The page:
Sunday, December 30, 2012

2012 Predictions: How'd I do?

Last year it was fun to make predictions for 2012. Reading back on them, it strikes me what was on my mind that day--mobile phones and service because I was ditching ATT and wanted to try Android for the first time, startups, and venture capital. 

Let's see how I did; the ones I think were largely accurate are green, ones that were partially accurate are blue, largely wrong ones are red, and undecided, unknown, or TBD are gray.

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Hey, everybody's doing it, why not me? What follows is absolutely armchair conjecture.
  • Android 4.0 will roll out more slowly than expected, and only the wealthy and technorati will be able to enjoy it. The Nexus is $299 with a contract, only on Verizon.
    (it was a very, very slow, painful rollout). 
  • Sprint will continue its unlimited data plan for 4G users and its network won't break a sweat--this year.
    (Yes but its service sucks. Switched to it and its better than ATT but still sucky)
  • Verizon will continue to have issues with data until sometime mid-year. (the best phone service dropped the ball on data)
  • School districts will buy Makerbots.
    (I have to check this)
  • More schools will drop Microsoft Office in favor of free Google Docs, OpenOffice, or StarOffice.
    (unknown but feels right)
  • Adoption of Node.js will accelerate greatly, resulting in high-paying in-demand jobs for Nodesters.
    (damn straight)
  • Node will be ported to Android, Arduino, and other devices and enable a new generation of apps based on the possibility of servers on phones, mesh networks, and SETI-like distribution of computing to mobile. Those possibilities will be explored but won't become significant for a few years.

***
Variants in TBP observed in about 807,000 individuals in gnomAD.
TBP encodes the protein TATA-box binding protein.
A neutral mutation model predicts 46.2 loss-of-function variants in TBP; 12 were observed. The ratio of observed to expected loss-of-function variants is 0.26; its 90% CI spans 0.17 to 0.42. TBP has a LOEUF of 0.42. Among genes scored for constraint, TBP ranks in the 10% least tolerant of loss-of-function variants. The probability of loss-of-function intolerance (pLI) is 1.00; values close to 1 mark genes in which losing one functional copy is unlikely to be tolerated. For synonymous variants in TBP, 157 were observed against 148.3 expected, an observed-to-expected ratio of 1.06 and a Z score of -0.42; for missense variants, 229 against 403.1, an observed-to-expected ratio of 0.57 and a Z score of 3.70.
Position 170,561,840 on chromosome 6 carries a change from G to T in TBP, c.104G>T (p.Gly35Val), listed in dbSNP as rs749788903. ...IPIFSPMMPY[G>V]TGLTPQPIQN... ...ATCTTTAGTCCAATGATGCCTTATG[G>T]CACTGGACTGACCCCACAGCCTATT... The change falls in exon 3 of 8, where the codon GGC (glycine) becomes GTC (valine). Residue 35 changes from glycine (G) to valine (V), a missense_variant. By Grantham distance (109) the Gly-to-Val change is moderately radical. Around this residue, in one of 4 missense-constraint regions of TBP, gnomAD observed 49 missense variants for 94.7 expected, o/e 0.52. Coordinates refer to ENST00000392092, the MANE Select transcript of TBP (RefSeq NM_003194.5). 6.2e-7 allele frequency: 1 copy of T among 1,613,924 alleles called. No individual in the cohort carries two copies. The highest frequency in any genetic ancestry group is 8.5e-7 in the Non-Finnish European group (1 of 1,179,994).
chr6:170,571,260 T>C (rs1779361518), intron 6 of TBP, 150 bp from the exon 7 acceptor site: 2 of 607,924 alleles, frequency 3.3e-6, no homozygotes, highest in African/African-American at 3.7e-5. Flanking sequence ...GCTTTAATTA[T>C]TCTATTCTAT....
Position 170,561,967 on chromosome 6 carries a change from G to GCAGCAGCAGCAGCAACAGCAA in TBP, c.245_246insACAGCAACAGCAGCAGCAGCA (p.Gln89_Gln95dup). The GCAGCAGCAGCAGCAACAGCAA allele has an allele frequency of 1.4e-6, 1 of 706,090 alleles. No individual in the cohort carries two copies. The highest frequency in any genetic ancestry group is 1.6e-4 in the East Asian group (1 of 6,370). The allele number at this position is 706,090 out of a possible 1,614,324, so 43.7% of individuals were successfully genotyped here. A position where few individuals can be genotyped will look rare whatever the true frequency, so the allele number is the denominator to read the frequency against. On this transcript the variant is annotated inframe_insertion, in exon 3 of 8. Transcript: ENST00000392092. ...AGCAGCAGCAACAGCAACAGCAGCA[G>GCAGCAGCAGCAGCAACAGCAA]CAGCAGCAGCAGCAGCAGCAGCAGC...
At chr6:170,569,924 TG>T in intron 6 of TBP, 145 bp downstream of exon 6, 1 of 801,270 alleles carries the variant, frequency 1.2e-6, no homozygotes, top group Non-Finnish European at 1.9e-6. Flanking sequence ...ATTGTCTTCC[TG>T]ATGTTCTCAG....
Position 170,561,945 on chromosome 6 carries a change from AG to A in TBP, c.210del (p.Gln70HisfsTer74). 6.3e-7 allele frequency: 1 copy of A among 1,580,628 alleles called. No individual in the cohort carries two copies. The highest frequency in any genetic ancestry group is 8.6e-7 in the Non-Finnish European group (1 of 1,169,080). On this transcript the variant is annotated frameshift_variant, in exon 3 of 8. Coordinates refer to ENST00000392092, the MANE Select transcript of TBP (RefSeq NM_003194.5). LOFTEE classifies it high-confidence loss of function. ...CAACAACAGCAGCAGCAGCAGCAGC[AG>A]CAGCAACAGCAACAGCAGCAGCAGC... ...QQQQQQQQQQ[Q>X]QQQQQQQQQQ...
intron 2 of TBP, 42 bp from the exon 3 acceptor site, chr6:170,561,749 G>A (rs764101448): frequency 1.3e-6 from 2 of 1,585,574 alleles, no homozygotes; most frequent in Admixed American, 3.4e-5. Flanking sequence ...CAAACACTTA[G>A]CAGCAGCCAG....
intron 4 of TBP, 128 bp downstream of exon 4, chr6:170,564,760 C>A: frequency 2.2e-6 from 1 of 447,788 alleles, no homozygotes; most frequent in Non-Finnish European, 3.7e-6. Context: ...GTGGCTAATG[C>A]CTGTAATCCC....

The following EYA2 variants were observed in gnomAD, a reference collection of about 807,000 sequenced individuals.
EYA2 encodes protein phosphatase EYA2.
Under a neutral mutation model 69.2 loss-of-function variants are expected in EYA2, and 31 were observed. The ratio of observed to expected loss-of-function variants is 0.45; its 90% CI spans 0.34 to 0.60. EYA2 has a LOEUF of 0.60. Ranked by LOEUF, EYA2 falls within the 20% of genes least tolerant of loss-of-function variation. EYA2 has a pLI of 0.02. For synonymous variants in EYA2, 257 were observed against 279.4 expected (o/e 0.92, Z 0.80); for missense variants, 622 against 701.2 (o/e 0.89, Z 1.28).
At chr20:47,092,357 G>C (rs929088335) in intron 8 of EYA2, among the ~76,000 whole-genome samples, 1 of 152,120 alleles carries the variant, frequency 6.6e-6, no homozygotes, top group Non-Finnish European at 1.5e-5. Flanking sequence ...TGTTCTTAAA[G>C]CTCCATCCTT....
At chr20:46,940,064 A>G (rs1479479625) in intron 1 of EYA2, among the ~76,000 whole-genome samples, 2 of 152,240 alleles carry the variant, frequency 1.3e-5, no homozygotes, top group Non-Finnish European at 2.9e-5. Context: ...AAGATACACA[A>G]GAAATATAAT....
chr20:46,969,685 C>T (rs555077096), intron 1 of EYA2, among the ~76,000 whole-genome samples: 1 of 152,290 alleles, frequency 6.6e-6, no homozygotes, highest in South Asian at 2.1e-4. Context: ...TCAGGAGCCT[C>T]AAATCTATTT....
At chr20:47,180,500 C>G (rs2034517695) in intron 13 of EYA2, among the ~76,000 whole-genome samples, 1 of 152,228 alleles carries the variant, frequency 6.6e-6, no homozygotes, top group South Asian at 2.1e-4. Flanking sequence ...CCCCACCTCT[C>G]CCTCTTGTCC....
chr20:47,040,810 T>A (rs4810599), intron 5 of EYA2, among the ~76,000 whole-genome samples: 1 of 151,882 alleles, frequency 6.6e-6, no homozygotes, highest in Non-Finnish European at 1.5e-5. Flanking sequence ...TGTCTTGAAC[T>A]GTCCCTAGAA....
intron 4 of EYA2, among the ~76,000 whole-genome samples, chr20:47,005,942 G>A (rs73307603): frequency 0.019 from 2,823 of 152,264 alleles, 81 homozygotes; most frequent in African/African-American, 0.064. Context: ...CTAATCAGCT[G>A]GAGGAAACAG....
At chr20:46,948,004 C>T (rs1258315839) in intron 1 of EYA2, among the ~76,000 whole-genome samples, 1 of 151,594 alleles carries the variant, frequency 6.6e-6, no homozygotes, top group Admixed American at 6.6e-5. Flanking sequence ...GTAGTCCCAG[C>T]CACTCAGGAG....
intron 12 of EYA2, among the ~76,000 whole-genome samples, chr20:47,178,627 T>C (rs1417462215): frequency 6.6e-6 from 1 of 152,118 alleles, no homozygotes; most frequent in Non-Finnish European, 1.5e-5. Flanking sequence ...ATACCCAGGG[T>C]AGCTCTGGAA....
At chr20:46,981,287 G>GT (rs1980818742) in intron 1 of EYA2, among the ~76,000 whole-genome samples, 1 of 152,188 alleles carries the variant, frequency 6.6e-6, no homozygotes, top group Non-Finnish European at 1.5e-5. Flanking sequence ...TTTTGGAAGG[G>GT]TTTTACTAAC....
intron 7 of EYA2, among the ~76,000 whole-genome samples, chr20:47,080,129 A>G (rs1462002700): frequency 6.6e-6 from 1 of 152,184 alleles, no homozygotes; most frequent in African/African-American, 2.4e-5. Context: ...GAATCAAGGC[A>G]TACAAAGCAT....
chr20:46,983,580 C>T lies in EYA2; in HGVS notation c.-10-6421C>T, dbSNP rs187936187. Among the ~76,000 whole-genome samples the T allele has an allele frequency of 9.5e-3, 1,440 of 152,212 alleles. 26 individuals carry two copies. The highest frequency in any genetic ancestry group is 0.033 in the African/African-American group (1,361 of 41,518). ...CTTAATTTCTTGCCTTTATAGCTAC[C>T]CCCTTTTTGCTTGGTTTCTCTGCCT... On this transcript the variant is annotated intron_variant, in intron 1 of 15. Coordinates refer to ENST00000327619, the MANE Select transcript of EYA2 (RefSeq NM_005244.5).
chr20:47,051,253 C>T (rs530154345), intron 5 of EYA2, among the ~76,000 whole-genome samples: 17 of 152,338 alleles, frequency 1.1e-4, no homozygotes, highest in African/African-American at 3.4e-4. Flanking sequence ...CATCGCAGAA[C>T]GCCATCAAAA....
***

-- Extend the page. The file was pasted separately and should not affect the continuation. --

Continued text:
(I sure do like Node :)
  • iPhone 5 will change everything again. I really hate to leave iPhone, but I'm looking forward to checking out the Android universe. The iPhone 5 will likely suck me back over to the dark side (walled gardens are dark to me).
    (It didn't change everything again. Nice but not game-changing). 
  • The angel funding boom will subside as investors start to experience what happens when seed-stage funding runs out and founding teams scramble for bridges to nowhere.
    (Yes, yes, and yes. It's and obvious one though--landing investment isn't easy and of course only a percentage raise a Series A, and a smaller percentage get to Series B, etc. And some just say screw it let's build a profitable, sustainable company on our own terms and time.)
  • This will create opportunities for early-stage venture funds, which will have had a lot of their homework done for them in the seed rounds and inevitable thinning of the herds.
    (would love an early-stage VC to comment on this--what's it like? Better deal flow, better looking opportunities, or just more deal flow, same distribution of quality?)
  • There will continue to be more venture capital placed than makes sense because of the perverse incentives created by the 2/20 model.
    (This is subjective but I'm claiming the win.
  • Liquidation preferences will swing back toward investors a bit, from 1x non-participating to 1x participating, as last year's crop of seeds compete for the next round.
    (I need to check on this, but I've heard it's at least happening on the East Coast to some degree). 
  • We'll start to find out how well 500 Startups picks startups. My guess is it will outperform the general seed stage market, but its success rate will trail Y-Combinator and Tech Stars simply because of the number of startups it funds . This year, anyway. (Performance means follow-on round of funding without cramming down founders :)